5 There are a lot of good reasons to consider the cloud. Increased flexibility. Faster deployment time. Minimal upfront capital expenses. Reduced IT requirements. But selection of the best contact center cloud vendor is the make or break decision. The Communications as a Service offering from Interactive Intelligence is used by some of the most wellrespected companies around the world. Our cloud solution provides you the high levels of security you require, with the level of control you determine, and the ability to move to on-premise if your business needs ever change. Moreover, you have access to the broadest set of applications available, with the ability to move as rapidly as you d like. Good reasons to trust the Interactive Intelligence cloud. CONTACT CENTER UNIFIED COMMUNICATIONS BUSINESS PROCESS AUTOMATION Cloud-based or On-premise

6 DRIVERS FOR CLOUD-BASED CONTACT CENTER SOLUTIONS The many potentially-positive factors driving the uptake of cloud-based solutions can be grouped into four areas: Financial, Functional, Operational and Strategic: Financial: how does cloud affect the investment and ongoing expenditure connected with technology and the operations of the contact center? Functional: what is the effect of cloud-based solutions on the functionality available to the contact center? Operational: what are the changes in the way in which the contact center is able to operate? Strategic: how are wider concerns of the business addressed by having contact center functionality within the cloud? 6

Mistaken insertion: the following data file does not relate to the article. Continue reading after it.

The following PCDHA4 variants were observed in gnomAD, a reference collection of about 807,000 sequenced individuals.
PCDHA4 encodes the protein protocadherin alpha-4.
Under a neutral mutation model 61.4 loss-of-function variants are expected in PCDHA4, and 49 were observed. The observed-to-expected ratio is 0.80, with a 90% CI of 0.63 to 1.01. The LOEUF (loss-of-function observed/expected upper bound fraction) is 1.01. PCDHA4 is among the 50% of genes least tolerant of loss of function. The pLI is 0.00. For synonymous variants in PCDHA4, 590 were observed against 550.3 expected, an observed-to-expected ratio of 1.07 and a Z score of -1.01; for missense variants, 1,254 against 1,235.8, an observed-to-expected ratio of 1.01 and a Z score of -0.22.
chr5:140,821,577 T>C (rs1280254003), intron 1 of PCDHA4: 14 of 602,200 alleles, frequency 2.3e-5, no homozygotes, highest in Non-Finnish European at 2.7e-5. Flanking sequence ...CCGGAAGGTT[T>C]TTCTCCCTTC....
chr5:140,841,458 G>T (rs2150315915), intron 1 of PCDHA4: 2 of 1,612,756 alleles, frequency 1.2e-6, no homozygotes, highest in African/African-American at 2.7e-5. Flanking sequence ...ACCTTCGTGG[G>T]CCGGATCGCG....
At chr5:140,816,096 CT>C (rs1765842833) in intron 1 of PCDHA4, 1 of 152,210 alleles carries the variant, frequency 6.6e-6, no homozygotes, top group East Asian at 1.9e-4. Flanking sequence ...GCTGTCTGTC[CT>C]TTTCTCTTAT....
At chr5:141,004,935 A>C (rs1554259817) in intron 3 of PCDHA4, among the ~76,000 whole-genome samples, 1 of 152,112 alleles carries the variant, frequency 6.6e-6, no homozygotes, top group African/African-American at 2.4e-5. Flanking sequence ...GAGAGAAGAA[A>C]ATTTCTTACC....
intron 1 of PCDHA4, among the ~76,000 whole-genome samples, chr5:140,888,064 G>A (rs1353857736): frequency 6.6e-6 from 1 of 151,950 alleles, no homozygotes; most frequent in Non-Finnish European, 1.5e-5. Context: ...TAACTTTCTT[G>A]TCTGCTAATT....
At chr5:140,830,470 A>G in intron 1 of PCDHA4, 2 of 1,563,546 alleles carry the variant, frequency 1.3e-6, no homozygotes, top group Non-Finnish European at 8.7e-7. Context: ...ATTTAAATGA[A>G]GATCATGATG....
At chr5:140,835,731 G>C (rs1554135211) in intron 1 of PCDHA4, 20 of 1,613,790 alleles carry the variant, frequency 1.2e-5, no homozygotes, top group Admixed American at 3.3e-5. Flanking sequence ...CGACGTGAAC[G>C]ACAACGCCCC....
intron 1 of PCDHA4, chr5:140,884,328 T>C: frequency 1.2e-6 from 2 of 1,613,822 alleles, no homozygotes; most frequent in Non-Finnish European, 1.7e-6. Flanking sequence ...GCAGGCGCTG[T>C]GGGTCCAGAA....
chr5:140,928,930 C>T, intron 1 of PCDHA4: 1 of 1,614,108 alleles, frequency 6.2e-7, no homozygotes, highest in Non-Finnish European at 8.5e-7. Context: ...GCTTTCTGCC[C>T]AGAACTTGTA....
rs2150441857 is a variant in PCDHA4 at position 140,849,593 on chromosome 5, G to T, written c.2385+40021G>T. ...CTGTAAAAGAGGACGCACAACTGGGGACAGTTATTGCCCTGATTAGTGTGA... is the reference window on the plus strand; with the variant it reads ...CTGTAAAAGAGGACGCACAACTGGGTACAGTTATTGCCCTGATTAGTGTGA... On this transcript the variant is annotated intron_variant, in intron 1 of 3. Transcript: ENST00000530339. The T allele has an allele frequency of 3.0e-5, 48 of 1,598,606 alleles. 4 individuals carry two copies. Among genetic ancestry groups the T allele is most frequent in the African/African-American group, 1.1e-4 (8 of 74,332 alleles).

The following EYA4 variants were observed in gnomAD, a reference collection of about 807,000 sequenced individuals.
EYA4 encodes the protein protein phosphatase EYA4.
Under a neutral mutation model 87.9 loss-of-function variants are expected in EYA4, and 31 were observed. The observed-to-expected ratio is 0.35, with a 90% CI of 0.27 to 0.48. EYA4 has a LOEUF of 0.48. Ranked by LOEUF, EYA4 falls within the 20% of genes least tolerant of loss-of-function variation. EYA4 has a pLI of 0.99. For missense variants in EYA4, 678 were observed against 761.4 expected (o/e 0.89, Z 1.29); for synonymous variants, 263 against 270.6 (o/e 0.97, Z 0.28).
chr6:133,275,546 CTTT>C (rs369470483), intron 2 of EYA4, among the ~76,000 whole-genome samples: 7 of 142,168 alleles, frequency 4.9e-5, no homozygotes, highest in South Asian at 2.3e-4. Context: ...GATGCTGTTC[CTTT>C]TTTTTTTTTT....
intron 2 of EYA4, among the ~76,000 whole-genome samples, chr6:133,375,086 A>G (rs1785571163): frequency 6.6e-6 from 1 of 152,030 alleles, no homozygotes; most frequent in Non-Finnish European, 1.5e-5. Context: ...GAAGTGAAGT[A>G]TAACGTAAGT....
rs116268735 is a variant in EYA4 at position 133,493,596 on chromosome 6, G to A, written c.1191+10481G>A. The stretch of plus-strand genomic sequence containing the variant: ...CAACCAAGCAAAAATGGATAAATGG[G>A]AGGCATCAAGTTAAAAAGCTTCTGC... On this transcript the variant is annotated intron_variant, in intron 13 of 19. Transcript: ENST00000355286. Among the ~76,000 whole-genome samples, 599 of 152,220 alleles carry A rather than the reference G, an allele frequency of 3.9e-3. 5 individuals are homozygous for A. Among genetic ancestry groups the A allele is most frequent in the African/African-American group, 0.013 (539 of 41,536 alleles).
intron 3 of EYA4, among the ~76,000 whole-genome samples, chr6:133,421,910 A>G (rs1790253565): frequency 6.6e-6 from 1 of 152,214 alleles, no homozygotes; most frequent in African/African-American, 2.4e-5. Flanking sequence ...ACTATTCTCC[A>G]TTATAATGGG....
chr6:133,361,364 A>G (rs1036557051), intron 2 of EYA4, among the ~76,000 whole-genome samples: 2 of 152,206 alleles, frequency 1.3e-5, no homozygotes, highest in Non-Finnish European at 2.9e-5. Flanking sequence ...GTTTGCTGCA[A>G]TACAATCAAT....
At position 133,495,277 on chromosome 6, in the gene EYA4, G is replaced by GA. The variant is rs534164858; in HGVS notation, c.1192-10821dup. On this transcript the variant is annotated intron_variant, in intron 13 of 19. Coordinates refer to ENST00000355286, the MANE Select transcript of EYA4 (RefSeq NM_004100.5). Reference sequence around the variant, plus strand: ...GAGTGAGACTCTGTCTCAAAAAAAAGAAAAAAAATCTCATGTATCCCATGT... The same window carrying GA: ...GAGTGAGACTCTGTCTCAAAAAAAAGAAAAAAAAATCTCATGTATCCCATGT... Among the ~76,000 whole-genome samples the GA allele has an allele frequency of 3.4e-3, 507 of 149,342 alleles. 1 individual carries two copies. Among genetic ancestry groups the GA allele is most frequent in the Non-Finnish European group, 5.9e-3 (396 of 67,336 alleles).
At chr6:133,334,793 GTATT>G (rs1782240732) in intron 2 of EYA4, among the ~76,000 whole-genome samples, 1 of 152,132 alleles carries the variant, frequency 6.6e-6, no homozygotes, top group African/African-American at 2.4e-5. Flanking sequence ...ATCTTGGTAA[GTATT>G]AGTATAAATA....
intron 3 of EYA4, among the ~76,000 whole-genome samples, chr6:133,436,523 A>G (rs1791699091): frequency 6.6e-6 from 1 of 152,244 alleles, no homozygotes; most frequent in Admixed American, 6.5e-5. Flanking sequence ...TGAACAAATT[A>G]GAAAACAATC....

7 FINANCIAL Cloud-based solutions are sometimes thought of as having a pay-as-you-go financial model that allows business of all sizes to move away from high front-end expenditures in favor of a more manageable operational expenditure approach without any overspending. While some solution providers offer this, to varying extents, it is by no means universal. It is perhaps better to consider the financial opportunities of cloud as being related more to shifting expenditure from capital expenditure (Capex) to operational expenditure (Opex) Small and mid-size companies in particular typically do not have the ready access to cash to make the necessary capital expenditures for expensive CPE. As a result, making the shift from Capex to Opex is especially relevant for these firms. Recently, poor economic conditions have affected companies and finances, and some organizations that would have been previously less likely to have considered Opex investments (e.g. public sector, utilities companies) are now doing so, as many large Capex projects have been shelved indefinitely. Cloud offers contact centers a way forwards without relying on capital investment: Businesses can scale down future customer premises equipment (CPE) investment, with a resulting decrease in capital expenditure There is also an opportunity to buy services using a pay-per-use or even pay-as-you-talk pricing model, which helps to keep operating expenses to a minimum Additionally, issues surrounding the total cost of ownership of CPE do not arise with hosted solutions: outright purchase of equipment isn t for everyone, perhaps for reasons of budget or the ability to maintain the systems Low-risk ability to start up or move or expand without risking existing business plans Businesses retain the freedom to downscale change targets and plans to meet demand, rather than commit themselves to long-term arrangements needed to justify the purchase approach of high value CPE. 7